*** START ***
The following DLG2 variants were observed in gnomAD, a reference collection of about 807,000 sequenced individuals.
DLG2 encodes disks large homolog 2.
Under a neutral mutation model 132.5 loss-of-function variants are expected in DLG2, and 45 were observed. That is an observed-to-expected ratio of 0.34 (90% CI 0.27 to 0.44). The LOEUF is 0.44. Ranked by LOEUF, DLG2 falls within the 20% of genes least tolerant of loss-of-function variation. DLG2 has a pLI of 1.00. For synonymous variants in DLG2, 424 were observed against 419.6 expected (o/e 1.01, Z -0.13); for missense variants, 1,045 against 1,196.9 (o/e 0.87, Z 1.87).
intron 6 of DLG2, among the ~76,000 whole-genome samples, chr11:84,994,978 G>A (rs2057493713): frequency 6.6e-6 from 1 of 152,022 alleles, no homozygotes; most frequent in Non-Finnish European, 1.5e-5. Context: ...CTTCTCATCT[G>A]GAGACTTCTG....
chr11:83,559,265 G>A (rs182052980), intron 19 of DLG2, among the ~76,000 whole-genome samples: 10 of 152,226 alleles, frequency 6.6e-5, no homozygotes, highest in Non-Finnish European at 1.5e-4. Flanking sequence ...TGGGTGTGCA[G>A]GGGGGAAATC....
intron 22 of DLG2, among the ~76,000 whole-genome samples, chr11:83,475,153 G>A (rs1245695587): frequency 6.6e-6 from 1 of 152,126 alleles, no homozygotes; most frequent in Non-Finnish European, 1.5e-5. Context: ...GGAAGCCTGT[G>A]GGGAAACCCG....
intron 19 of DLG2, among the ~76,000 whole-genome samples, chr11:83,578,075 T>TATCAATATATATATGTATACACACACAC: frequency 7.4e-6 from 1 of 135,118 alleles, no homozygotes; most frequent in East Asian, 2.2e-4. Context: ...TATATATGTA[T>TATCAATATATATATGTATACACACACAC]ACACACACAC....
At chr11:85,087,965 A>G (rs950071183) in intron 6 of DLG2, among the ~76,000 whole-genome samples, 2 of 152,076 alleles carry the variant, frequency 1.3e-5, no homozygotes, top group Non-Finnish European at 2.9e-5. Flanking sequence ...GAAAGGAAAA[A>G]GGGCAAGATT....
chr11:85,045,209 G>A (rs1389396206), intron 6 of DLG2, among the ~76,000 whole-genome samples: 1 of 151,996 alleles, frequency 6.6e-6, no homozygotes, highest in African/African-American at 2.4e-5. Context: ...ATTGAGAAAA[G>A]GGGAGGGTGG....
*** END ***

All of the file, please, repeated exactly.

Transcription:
The following DLG2 variants were observed in gnomAD, a reference collection of about 807,000 sequenced individuals.
DLG2 encodes disks large homolog 2.
Under a neutral mutation model 132.5 loss-of-function variants are expected in DLG2, and 45 were observed. That is an observed-to-expected ratio of 0.34 (90% CI 0.27 to 0.44). The LOEUF is 0.44. Ranked by LOEUF, DLG2 falls within the 20% of genes least tolerant of loss-of-function variation. DLG2 has a pLI of 1.00. For synonymous variants in DLG2, 424 were observed against 419.6 expected (o/e 1.01, Z -0.13); for missense variants, 1,045 against 1,196.9 (o/e 0.87, Z 1.87).
intron 6 of DLG2, among the ~76,000 whole-genome samples, chr11:84,994,978 G>A (rs2057493713): frequency 6.6e-6 from 1 of 152,022 alleles, no homozygotes; most frequent in Non-Finnish European, 1.5e-5. Context: ...CTTCTCATCT[G>A]GAGACTTCTG....
chr11:83,559,265 G>A (rs182052980), intron 19 of DLG2, among the ~76,000 whole-genome samples: 10 of 152,226 alleles, frequency 6.6e-5, no homozygotes, highest in Non-Finnish European at 1.5e-4. Flanking sequence ...TGGGTGTGCA[G>A]GGGGGAAATC....
intron 22 of DLG2, among the ~76,000 whole-genome samples, chr11:83,475,153 G>A (rs1245695587): frequency 6.6e-6 from 1 of 152,126 alleles, no homozygotes; most frequent in Non-Finnish European, 1.5e-5. Context: ...GGAAGCCTGT[G>A]GGGAAACCCG....
intron 19 of DLG2, among the ~76,000 whole-genome samples, chr11:83,578,075 T>TATCAATATATATATGTATACACACACAC: frequency 7.4e-6 from 1 of 135,118 alleles, no homozygotes; most frequent in East Asian, 2.2e-4. Context: ...TATATATGTA[T>TATCAATATATATATGTATACACACACAC]ACACACACAC....
At chr11:85,087,965 A>G (rs950071183) in intron 6 of DLG2, among the ~76,000 whole-genome samples, 2 of 152,076 alleles carry the variant, frequency 1.3e-5, no homozygotes, top group Non-Finnish European at 2.9e-5. Flanking sequence ...GAAAGGAAAA[A>G]GGGCAAGATT....
chr11:85,045,209 G>A (rs1389396206), intron 6 of DLG2, among the ~76,000 whole-genome samples: 1 of 151,996 alleles, frequency 6.6e-6, no homozygotes, highest in African/African-American at 2.4e-5. Context: ...ATTGAGAAAA[G>A]GGGAGGGTGG....